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The Archimedes thread got me to thinking about vessel documentation--I know, I know: I'm not a linear thinker--my thoughts go spatter-spatter.

How does the Coast Guard determine that a boat is "Net 26 tons" or what have you? I have seen different numbers on identical boats--what gives?
 

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think it's the total volume of the hull, unless there is a large deck structure which increases the capacity by a set amount, in which case total volume is used.

The form for registering a boat, uses length, breadth and depth of the hull itself for the calculations. So many cubic feet equals the tonnage, not sure of the ratios.

I'm thinking that container ships would be calculated differently as the hull volume is much smaller than their actual capacity, and realy don't think governments wouldn't let all that taxable capacity go free.

Ken.
 

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Larus Marinus
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I'd have to look it up. But isn't displacement the weight of the water that a boat displaces (empty? loaded?) and tonnage the cargo volume measured in barrels (Tonnes)?
 

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Telstar 28
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Not for purposes of USCG documentation. My 28' trimaran weighs about 3600-3800 lbs... yet for purposes of USCG documentation it displaces SEVEN NET TONS. Go figure. The formula they use for the displacement calculation for USCG documentation has little to do with reality IMHO.
 

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I think Vince Calder clears this up nicely here:




Uhhh, wtf?
The top one shows the house near the dock.

The bottom one shows after the hurricane.

Duh!

:)
 

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Owner, Green Bay Packers
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Gross and net tonnages are a complicated matter and have always been so.

I'll make some general statements that may be illuminating (or not) and then refer anyone interested to the USCG/CFR here: Electronic Code of Federal Regulations: Keep browsing as it's laid out in typical government fashion!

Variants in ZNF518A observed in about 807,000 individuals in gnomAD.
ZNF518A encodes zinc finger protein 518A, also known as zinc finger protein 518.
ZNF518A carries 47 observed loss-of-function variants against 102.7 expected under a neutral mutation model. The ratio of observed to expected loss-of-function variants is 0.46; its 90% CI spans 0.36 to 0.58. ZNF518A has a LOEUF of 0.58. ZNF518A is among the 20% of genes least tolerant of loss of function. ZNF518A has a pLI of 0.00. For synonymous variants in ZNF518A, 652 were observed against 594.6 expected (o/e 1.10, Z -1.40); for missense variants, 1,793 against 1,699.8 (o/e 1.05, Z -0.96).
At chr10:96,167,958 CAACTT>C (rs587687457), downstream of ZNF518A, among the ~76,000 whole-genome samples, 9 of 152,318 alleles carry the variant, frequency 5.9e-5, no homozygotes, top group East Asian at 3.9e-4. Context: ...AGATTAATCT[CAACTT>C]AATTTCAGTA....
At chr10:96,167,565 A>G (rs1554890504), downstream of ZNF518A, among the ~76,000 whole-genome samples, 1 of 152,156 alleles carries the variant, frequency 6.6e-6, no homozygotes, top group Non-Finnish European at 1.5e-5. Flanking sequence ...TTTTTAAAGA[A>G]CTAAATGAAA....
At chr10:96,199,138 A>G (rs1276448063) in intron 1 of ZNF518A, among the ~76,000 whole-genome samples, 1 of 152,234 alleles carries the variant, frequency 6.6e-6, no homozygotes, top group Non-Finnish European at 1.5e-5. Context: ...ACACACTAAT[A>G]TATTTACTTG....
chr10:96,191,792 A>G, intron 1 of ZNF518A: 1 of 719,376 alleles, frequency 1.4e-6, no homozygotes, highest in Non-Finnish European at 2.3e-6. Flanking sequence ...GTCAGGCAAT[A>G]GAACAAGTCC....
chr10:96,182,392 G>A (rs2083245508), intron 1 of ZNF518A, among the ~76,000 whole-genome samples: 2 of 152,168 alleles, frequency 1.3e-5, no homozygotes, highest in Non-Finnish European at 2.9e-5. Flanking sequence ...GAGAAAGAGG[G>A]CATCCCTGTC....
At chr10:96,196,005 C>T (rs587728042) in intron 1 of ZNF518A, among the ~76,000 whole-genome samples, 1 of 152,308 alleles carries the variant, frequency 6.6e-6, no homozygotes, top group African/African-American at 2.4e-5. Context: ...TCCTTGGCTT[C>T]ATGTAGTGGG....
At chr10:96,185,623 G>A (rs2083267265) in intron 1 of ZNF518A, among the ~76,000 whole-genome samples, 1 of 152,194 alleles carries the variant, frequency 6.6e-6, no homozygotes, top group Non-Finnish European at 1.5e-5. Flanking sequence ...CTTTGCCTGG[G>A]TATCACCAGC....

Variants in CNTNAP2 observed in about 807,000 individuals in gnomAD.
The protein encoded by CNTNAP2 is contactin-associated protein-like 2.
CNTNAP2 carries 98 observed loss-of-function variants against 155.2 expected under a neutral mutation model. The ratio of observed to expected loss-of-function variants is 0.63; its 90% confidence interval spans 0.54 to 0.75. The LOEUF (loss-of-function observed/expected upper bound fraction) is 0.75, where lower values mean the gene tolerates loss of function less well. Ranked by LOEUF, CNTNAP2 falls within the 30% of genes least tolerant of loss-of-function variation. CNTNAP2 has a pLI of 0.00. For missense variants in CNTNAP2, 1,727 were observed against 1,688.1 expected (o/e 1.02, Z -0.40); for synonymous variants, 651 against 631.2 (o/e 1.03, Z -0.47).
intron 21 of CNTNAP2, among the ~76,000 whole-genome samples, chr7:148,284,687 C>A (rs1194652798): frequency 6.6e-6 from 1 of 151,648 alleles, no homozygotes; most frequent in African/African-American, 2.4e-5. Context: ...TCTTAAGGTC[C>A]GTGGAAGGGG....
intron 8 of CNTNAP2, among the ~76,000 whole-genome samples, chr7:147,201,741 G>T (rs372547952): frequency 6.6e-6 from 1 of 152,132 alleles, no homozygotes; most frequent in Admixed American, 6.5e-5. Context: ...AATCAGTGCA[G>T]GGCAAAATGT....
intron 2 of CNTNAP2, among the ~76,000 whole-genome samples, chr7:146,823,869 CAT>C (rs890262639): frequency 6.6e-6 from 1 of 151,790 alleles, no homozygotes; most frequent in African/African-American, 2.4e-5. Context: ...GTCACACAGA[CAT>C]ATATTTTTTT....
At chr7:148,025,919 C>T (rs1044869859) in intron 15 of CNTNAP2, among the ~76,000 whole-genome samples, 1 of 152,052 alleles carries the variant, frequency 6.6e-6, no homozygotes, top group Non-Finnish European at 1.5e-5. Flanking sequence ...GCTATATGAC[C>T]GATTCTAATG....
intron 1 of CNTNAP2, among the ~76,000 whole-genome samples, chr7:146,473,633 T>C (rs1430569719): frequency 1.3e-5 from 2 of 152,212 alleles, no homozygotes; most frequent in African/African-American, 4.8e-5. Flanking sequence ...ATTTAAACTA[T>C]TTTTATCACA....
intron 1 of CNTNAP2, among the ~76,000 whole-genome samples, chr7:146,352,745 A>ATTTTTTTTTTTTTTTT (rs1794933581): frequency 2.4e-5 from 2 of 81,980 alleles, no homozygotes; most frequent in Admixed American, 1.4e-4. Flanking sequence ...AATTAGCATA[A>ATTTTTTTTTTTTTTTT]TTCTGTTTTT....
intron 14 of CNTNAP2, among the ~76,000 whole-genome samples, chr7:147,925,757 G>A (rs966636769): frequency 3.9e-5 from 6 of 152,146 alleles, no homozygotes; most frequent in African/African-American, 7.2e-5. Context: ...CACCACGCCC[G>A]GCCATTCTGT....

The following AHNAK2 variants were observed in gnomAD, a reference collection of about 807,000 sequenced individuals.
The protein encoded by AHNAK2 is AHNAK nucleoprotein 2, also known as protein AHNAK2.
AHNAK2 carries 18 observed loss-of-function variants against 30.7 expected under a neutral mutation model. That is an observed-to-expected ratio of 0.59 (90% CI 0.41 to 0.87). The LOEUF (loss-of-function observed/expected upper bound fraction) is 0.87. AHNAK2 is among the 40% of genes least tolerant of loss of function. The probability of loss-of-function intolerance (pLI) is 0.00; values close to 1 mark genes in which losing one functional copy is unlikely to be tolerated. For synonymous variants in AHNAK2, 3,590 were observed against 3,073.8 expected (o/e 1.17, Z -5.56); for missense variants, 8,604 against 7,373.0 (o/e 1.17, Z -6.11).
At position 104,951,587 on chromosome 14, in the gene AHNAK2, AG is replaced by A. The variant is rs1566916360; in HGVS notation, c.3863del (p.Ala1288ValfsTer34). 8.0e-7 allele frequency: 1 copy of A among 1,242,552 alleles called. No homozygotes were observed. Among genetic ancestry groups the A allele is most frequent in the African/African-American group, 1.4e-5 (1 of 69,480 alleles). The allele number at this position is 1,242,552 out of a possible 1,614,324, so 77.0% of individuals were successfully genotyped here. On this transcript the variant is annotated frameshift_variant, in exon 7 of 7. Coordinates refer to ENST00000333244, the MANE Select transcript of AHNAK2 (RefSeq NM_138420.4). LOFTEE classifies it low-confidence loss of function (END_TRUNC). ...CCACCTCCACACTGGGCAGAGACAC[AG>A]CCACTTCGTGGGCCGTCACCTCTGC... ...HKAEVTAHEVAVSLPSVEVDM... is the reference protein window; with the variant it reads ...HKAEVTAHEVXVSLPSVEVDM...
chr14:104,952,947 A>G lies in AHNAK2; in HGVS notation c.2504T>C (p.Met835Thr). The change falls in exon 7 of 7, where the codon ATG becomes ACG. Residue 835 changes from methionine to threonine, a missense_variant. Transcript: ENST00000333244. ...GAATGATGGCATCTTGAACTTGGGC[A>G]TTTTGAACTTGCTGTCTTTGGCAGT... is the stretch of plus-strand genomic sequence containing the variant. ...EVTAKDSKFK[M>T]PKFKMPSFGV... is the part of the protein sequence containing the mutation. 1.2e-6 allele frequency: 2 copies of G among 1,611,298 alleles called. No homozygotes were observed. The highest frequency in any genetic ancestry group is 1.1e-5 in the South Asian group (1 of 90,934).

Gross tonnage is, except for certain exempted spaces, the entire internal volume of a vessel in cubic feet with 100 cubic feet equaling one ton.

Net tonnage is the tonnage that remains after non-revenue generating spaces are deducted from gross tonnage.

Certain fees such as dry-docking are based upon gross tonnage while others such as dock fees and canal transits are based upon net tonnage.

You'll see on board vessels signs over spaces that say such as, "certified for four seamen". The law states that each seaman's accommodation space is equal to 120 cubic feet and at least 16 square feet of deck space. While the sign may indicate a certification for four seamen, the space may actually be home to only one or two seamen in actuality.

As may be seen, gross and net tonnages are volume measurements and not to be confused with displacement.

Displacement is of two forms commonly; light ship and load. Light ship displacement is the diplacement of the ship absent cargo, crew, fuel, water, etc...basically the weight of the ship as she comes off the ways. Load displacement is the weight of the ship fully laden to her summer marks. the difference between the two is deadweight tonnage or her cargo carrying capacity in rough terms.

You'll see ships described in two ways commonly; by deadweight tonnage for a tank ship and sometimes certain freighters and, more commonly, by gross tonnage for non tank ships.

The origin of the word ton is maritime in nature. It originated in the thirteenth century when ships were carrying large amounts of wine. The wine was carried in a large cask called a tun. It held 250 gallons of wine, had a volume of 57 cubic feet, and weighed 2,240 lbs. this measurement was codified into law in England in the fifteenth century and the taxes and fees a vessel was to pay were based upon how many tuns she could carry. The spelling was later changed to ton and thus we get tonnage. Later yet, the volume for a ton was arbitrarily set at 100 cubic feet while the weight of a ton is still 2,240 cubic feet. The short ton, of 2000 lbs, has no standing in the maritime world. The metric ton is 1000 kilograms or 2205 lbs and is used more frequently today than in the past due to it's closeness to the traditional long ton of 2,240 lbs.
 
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